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Boeing Avoids Compounding Its 737 Max Crisis

Brooke Sutherland
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Boeing Avoids Compounding Its 737 Max Crisis

(Bloomberg Opinion) -- No one knows when the 737 Max will return to the skies, least of all Boeing Co.

The planemaker on Wednesday gave its first financial update since the Max was grounded by regulators across the globe in March after two fatal crashes. Boeing is suspending its guidance until a future date “due to the uncertainty of the timing and conditions surrounding return to service of the 737 Max fleet.” It has also hit the pause button on share repurchases for now to conserve cash, noting that all of its $2.3 billion in buybacks took place before mid-March, when a Max operated by Ethiopian Airlines crashed. Boeing had already moved to curtail production of the Max to 42 planes a month, down from 52. On a call to discuss Boeing’s first-quarter results, Boeing Chief Financial Officer Greg Smith said the company continued to assess its production plans and would further adjust the pace as required. Chief Executive Officer Dennis Muilenburg gave few parameters for the Max’s return, saying the timing will be paced by conversations with regulators. 

Boeing said it’s making progress on developing a fix to the anti-stall flight-control software system that was a factor in both the Ethiopian Airlines accident and an October crash of a Lion Air flight. It completed technical flight-testing of the software update last week. The planemaker shared a provisional timeline with customers that estimates it will get the Federal Aviation Administration’s blessing for the revamped software as early as the third week of May and return the Max to service by mid-July, Reuters reported Tuesday. That jibes with reports that Boeing officials have told suppliers that it will ramp up to its previously targeted production pace of 57 planes a month by September. Perhaps. But Boeing had thought it would be able to submit the software fix to regulators by late March, only to walk that back soon afterward. And the Max’s woes run deeper than software: it’s now a political and consumer issue. “We’ve taken off our watches and put the calendars in the drawer,” American Airlines Group Inc. pilot Dennis Tajer told Bloomberg News after a meeting with regulators on April 12.

In a victory for Boeing, a board of aviation experts convened by the FAA found no need for costly simulator training on the updated software. But the regulator’s own reputation is on the line after its isolated defense of the Max’s airworthiness drew scrutiny over the rigor of its review processes and the arguably too-intimate relationship it has with the companies it is meant to be overseeing. In an effort to rehabilitate its credibility, the FAA has convened a panel of international regulators to help it review the software update. Many countries will most likely also conduct separate assessments. Already cracks are emerging: Canada Transport Minister Marc Garneau has argued pilots need more than just computer-based training and that the Max should be grounded “for as long as it takes.” Interestingly, Muilenburg said Boeing is committed to continuous improvement, including anything it can do to improve its products, pilot training and education and the aircraft certification process.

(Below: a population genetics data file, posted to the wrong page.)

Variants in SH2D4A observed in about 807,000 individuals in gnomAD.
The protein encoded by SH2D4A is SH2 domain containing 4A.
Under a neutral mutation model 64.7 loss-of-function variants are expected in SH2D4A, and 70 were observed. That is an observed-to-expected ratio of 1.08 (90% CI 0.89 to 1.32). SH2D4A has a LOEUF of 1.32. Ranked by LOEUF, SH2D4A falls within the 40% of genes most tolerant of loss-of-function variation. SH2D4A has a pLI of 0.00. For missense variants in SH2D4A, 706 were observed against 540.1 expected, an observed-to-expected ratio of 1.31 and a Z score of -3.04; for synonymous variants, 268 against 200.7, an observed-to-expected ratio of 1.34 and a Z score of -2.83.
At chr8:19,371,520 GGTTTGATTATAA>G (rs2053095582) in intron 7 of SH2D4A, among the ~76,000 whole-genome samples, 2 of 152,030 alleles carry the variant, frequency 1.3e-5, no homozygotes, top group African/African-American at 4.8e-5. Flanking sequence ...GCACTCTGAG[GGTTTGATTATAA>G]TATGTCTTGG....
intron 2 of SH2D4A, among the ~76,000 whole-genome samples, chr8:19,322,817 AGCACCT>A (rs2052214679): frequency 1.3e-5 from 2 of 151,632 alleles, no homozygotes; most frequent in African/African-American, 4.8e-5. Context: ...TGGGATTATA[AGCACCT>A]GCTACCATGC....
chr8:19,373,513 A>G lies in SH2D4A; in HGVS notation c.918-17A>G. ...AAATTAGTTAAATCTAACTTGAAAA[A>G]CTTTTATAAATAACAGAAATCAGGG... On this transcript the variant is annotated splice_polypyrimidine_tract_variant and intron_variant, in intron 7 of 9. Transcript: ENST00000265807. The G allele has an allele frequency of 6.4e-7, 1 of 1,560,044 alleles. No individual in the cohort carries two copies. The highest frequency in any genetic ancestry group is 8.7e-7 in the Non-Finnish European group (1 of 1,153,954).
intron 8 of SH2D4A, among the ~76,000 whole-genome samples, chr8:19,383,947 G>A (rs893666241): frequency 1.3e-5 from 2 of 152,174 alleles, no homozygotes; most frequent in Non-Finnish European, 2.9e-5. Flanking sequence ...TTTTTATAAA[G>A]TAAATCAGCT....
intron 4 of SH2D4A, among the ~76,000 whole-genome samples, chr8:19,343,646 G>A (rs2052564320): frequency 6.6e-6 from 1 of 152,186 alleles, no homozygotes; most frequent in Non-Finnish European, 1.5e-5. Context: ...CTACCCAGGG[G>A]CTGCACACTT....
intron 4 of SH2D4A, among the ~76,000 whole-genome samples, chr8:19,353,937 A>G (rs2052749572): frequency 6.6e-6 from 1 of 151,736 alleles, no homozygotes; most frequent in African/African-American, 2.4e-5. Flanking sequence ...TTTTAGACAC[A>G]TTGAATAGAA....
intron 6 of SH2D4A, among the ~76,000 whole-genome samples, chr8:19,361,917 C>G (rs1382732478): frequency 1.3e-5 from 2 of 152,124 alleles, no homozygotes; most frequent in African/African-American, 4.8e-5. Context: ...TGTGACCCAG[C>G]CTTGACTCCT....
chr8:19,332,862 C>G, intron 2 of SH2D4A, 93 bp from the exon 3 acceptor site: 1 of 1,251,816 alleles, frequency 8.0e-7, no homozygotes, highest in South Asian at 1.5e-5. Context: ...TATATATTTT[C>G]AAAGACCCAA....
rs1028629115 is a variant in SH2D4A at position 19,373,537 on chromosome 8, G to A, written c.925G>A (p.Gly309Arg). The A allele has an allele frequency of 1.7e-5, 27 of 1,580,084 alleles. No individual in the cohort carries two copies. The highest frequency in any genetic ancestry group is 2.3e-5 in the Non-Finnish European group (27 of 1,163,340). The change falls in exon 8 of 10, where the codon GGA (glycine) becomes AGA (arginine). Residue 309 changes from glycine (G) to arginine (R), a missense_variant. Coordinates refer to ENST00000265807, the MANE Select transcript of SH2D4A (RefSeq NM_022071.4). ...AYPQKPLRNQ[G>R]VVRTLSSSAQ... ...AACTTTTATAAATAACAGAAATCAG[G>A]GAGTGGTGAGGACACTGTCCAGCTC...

American Airlines and Southwest Airlines Co., the biggest U.S. operators of the Max, have pulled the plane from their schedules until August, leaving them reliant on other options for the bulk of the busy summer travel season. United Technologies Corp., which supplies parts for the plane, said Tuesday that it could see as much as a 10-cent hit to its 2019 earnings per share assuming Boeing’s production slowdown lasts through the end of the year. That’s a worst-case scenario, but the fact that suppliers are preparing for it to the point of putting numbers on it is troubling. With deliveries halted, Boeing is forced to shoulder more of the cost of producing the planes, not to mention the inventory pileup in its own factories as well as those of its suppliers. The cash crunch gets more dire the longer the grounding drags on.  

Analysts were prepared for much worse numbers in the first quarter: Boeing’s $2.3 billion of free cash flow in the period was closer to analysts’ estimates before the Ethiopian Airlines crash than their more recent calculations. But that may reflect the fact that the Max production slowdown happened after the quarter ended, suggesting the pain is only delayed. There are early signs of the challenges to come: the first quarter included $1 billion in increased costs, in part because the lower Max production rate will force Boeing to amortize expenses over a longer period. Revenue and earnings in Boeing’s commercial aircraft division plunged amid a slide in Max deliveries. Boeing handed over just 89 planes from the 737 aircraft family (including 57 Max jets) in the first quarter, about a third fewer than the same period a year earlier. 

The bright side of Boeing’s earnings report is that there don’t appear to be any new headaches or surprise penalties. The problem is no one knows how long it will take to fix the existing ones.  

To contact the author of this story: Brooke Sutherland at bsutherland7@bloomberg.net

To contact the editor responsible for this story: Daniel Niemi at dniemi1@bloomberg.net

This column does not necessarily reflect the opinion of the editorial board or Bloomberg LP and its owners.

Brooke Sutherland is a Bloomberg Opinion columnist covering deals and industrial companies. She previously wrote an M&A column for Bloomberg News.

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